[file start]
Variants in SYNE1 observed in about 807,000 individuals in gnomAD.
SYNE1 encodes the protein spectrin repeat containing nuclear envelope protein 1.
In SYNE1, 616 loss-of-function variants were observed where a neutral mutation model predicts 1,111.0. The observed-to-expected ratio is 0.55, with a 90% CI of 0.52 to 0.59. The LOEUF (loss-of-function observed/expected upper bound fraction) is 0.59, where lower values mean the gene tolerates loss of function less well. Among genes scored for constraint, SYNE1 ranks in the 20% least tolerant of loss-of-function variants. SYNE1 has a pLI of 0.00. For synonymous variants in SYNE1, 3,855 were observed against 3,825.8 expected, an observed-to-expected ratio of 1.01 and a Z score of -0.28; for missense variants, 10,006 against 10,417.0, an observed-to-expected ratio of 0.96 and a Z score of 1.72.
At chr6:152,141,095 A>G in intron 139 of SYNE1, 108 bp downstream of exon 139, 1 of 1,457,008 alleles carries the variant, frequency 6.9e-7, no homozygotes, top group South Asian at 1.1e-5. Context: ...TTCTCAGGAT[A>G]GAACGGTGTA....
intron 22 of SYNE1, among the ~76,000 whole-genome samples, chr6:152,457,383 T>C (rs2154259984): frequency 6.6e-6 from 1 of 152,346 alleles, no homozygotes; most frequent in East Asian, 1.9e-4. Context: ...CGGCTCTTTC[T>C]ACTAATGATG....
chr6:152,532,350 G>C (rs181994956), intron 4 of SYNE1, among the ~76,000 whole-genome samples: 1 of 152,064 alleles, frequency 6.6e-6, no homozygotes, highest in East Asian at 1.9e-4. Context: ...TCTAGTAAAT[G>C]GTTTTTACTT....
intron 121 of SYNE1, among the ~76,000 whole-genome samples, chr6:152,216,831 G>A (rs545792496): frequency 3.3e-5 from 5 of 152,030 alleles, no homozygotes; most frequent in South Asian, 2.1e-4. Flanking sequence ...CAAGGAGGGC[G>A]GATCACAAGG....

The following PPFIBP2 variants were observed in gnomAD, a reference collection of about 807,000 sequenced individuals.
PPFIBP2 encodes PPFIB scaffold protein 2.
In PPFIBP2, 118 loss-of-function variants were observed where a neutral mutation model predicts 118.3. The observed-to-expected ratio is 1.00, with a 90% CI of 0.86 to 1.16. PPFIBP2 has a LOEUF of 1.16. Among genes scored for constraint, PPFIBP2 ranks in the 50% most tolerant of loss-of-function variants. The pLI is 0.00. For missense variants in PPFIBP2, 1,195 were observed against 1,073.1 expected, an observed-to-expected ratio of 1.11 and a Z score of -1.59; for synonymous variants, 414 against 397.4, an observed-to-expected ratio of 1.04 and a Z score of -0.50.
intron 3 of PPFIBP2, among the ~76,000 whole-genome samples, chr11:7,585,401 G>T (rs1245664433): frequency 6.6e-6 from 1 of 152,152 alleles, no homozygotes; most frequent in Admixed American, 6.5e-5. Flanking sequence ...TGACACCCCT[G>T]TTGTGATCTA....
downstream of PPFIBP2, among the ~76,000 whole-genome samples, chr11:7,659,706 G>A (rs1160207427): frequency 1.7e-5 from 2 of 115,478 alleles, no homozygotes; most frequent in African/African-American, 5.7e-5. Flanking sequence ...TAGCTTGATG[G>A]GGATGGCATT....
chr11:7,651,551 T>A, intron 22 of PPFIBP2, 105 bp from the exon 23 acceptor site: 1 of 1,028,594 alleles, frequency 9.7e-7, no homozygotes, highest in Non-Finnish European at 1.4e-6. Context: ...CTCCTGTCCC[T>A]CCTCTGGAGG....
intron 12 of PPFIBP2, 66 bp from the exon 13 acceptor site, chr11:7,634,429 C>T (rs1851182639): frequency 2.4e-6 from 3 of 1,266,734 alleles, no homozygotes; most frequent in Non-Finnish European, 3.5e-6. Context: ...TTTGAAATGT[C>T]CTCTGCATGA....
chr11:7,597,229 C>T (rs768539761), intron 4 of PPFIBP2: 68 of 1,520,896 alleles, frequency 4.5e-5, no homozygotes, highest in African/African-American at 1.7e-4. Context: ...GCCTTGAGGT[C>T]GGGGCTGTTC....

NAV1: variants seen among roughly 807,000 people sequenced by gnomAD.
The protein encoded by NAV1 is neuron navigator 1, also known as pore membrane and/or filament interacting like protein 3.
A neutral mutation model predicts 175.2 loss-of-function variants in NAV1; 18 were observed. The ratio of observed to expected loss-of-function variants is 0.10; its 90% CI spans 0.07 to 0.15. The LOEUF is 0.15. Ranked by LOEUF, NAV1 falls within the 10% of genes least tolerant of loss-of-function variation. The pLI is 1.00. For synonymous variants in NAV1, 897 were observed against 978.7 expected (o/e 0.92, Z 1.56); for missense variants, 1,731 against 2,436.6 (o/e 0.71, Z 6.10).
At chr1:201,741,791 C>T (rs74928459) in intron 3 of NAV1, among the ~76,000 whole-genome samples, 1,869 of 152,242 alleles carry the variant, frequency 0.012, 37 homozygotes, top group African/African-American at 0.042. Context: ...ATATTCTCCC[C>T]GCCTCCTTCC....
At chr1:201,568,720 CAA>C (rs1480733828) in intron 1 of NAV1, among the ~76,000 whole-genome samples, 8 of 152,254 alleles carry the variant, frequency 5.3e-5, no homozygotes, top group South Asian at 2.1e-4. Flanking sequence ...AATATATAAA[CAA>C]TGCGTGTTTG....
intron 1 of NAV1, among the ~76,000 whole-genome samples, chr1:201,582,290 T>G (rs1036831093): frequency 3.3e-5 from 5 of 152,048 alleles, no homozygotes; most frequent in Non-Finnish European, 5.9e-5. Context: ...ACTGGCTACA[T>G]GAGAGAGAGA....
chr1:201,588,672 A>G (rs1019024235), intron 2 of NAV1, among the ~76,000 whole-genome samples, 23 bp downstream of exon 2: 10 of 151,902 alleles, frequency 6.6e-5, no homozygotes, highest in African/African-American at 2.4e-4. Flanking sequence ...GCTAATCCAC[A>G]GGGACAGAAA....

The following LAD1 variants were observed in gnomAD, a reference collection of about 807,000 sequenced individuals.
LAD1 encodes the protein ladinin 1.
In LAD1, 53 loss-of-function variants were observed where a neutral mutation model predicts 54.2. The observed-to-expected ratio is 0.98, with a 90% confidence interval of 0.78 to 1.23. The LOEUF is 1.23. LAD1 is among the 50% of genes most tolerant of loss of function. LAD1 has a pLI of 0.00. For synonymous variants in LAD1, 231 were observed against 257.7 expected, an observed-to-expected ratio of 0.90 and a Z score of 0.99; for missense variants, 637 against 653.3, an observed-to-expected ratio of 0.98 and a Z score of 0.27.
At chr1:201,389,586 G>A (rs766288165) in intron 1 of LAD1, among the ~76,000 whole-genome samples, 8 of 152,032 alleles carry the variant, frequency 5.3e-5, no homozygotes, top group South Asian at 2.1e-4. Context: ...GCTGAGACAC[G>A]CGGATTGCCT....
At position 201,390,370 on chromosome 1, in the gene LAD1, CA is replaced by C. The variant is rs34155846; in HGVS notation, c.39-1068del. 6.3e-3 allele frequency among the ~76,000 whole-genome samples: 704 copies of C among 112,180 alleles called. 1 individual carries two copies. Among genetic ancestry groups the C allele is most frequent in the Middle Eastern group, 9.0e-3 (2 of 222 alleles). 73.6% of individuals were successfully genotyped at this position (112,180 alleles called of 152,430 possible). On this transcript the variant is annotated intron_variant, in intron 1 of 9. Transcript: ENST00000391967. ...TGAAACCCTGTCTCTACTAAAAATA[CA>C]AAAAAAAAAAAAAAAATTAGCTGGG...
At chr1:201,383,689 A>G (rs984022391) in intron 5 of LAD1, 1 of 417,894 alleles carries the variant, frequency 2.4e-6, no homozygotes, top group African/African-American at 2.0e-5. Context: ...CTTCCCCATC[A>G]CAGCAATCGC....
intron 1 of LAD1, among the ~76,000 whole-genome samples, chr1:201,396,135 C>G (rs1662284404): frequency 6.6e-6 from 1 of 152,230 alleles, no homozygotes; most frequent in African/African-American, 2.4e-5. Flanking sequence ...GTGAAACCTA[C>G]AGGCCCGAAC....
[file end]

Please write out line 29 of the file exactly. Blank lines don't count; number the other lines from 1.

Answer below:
intron 1 of LAD1, among the ~76,000 whole-genome samples, chr1:201,396,135 C>G (rs1662284404): frequency 6.6e-6 from 1 of 152,230 alleles, no homozygotes; most frequent in African/African-American, 2.4e-5. Flanking sequence ...GTGAAACCTA[C>G]AGGCCCGAAC....